16th April 2021
The Global Media Site for Entertainment.

Theatre is Good for Your Brain.

good for brain
By Aimee Poulin

Why should you go see theatre? What does watching a puppet show do for your child? Well, you might be surprised to find out that theatre and puppetry are ancient art forms that are not only steeped in tradition and craftsmanship, but they are also good for your brain.

Studies[1] show that students who experience live theatre are actually better at reading, vocabulary and tolerance, more so than if they had just read the play or watched a movie of the same story. Not only that, it also helps with their social skills and general acceptance of their peers. It’s great for both their brains, and their mind. Researchers were able to analyze over 300 students who saw a play live, and compared them to their peers in a control group. This group only read the play and/or watched a movie version of the same story. The test subjects who saw the live performance not only had a higher understanding of the plot and characters, but also scored higher on Reading the Mind in the Eyes Test (RMET) and other tests of tolerance. RMET captures the ability to assess how someone is feeling through only their eyes, and the results were 21% more accurate for those who saw the live theatre show. These results were collected approximately 47 days after the students saw the performance, which means that it was not just a quick change after the show that could easily dissipate, and that theatre has the potential to have long lasting effects.

Puppetry also has its benefits; many studies[2] show the positive impact of using puppetry on language development in children, allowing them to learn English more rapidly. Additionally, in a 2019 study[3] that took place in Iran, it was discovered that puppetry in preschool classrooms also significantly reduced children’s behavioral problems. After seven one hours sessions with puppets that enacted different behavioral problems and common conflicts faced by the children through songs, behaviors improved significantly compared to a separate group that was simply using storytelling to explain the behavioral problems to a group of children of the same age.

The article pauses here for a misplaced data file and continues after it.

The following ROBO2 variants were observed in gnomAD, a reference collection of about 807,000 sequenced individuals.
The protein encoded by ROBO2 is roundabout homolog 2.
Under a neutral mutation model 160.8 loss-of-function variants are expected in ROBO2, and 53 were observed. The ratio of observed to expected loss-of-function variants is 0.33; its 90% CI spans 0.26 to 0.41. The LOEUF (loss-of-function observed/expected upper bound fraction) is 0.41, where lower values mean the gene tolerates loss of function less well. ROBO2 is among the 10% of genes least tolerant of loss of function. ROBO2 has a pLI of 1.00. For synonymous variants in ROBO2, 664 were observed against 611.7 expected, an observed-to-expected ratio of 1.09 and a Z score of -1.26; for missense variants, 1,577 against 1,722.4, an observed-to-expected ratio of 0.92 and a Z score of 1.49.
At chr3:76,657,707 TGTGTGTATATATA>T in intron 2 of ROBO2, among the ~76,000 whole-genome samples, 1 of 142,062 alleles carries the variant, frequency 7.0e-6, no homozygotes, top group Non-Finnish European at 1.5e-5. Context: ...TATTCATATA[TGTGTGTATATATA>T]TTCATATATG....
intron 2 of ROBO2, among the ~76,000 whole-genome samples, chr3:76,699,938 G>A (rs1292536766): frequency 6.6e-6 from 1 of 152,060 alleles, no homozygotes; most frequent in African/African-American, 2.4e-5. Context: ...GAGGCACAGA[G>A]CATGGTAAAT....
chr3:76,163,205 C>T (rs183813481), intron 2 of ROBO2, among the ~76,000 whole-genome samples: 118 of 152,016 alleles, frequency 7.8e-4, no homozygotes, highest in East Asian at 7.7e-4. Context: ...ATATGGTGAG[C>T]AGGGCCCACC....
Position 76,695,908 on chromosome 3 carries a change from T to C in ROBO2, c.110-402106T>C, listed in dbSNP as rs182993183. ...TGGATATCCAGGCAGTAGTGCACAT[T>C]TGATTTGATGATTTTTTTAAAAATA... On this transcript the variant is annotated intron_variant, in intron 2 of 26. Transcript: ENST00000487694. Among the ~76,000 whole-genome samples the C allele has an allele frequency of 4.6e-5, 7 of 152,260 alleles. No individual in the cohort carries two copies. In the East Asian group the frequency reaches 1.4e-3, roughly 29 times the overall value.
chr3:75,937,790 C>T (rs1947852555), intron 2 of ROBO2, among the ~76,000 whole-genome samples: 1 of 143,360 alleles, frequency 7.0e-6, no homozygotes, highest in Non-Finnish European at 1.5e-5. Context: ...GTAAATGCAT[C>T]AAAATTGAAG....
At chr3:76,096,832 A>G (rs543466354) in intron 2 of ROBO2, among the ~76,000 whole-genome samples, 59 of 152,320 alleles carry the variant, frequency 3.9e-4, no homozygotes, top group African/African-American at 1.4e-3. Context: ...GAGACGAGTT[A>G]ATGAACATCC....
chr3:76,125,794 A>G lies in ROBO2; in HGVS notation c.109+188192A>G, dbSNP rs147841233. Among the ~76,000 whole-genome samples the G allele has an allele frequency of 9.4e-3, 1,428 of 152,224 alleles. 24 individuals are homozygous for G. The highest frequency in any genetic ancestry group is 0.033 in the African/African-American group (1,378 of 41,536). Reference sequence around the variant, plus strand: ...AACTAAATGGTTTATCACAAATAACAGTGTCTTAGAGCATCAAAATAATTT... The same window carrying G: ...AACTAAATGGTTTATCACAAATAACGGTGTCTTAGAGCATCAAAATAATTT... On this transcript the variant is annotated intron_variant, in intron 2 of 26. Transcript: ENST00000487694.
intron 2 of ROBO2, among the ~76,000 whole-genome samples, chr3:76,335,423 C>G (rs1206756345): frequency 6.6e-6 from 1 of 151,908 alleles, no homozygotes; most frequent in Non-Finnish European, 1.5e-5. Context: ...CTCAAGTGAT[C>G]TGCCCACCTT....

Theatre reminds us that we are not alone and connects us both to the actors on stage as well as the audience members sitting around us.

Puppetry allows us to reduce our stress and find joy in surreal moments, highlighted to us by this delicate, detail-oriented art form. These activities encourage discourse and tough conversations to happen with increased empathy and acceptance and improve children’s brains capacity to retain new knowledge. It is clear that the effects of theatre and puppetry on children is significant.  I believe that participation in these art forms it is a fundamental part of building a society that is empathetic and able to think critically about themselves and the world.

When we imagine what someone else feels, we understand their actions. Theatre and puppetry allow us to slow down, watch, listen and reflect. Children and adults should participate as often as they can.

 

[1] https://www.sciencedaily.com/releases/2014/10/141016165953.htm

[2]https://www.researchgate.net/publication/281742134_The_Role_of_Puppets_in_Kindergarten_Education_in_Cyprus

[3] https://www.ncbi.nlm.nih.gov/pmc/articles/PMC6298167/

 

Also on TheatreArtLife:

Puppeteer Eric Wright and The Little Shop of Horrors

Cahoots NI: Interview With An Innovative Children’s Theatre Company

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